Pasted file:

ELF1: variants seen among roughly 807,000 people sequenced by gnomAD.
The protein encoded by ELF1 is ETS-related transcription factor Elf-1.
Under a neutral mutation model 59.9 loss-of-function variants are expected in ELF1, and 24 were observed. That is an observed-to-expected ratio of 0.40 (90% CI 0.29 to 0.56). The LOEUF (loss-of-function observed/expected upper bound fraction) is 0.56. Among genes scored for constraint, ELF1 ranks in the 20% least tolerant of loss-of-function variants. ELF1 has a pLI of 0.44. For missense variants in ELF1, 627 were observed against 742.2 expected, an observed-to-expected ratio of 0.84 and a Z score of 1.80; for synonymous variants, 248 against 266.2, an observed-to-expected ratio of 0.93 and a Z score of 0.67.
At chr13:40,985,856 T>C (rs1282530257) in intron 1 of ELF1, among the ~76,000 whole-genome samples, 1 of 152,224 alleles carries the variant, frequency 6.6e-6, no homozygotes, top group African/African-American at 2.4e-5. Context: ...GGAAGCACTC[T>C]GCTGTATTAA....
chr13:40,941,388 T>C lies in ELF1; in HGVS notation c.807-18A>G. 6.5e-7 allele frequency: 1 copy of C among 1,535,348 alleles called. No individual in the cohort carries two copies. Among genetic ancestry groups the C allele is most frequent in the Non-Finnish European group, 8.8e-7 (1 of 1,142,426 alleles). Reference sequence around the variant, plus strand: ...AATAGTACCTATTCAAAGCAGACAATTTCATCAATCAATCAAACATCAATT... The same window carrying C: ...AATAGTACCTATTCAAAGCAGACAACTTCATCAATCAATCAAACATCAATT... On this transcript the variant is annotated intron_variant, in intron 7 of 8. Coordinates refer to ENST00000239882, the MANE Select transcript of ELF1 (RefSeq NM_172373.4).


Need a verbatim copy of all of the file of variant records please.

ELF1: variants seen among roughly 807,000 people sequenced by gnomAD.
The protein encoded by ELF1 is ETS-related transcription factor Elf-1.
Under a neutral mutation model 59.9 loss-of-function variants are expected in ELF1, and 24 were observed. That is an observed-to-expected ratio of 0.40 (90% CI 0.29 to 0.56). The LOEUF (loss-of-function observed/expected upper bound fraction) is 0.56. Among genes scored for constraint, ELF1 ranks in the 20% least tolerant of loss-of-function variants. ELF1 has a pLI of 0.44. For missense variants in ELF1, 627 were observed against 742.2 expected, an observed-to-expected ratio of 0.84 and a Z score of 1.80; for synonymous variants, 248 against 266.2, an observed-to-expected ratio of 0.93 and a Z score of 0.67.
At chr13:40,985,856 T>C (rs1282530257) in intron 1 of ELF1, among the ~76,000 whole-genome samples, 1 of 152,224 alleles carries the variant, frequency 6.6e-6, no homozygotes, top group African/African-American at 2.4e-5. Context: ...GGAAGCACTC[T>C]GCTGTATTAA....
chr13:40,941,388 T>C lies in ELF1; in HGVS notation c.807-18A>G. 6.5e-7 allele frequency: 1 copy of C among 1,535,348 alleles called. No individual in the cohort carries two copies. Among genetic ancestry groups the C allele is most frequent in the Non-Finnish European group, 8.8e-7 (1 of 1,142,426 alleles). Reference sequence around the variant, plus strand: ...AATAGTACCTATTCAAAGCAGACAATTTCATCAATCAATCAAACATCAATT... The same window carrying C: ...AATAGTACCTATTCAAAGCAGACAACTTCATCAATCAATCAAACATCAATT... On this transcript the variant is annotated intron_variant, in intron 7 of 8. Coordinates refer to ENST00000239882, the MANE Select transcript of ELF1 (RefSeq NM_172373.4).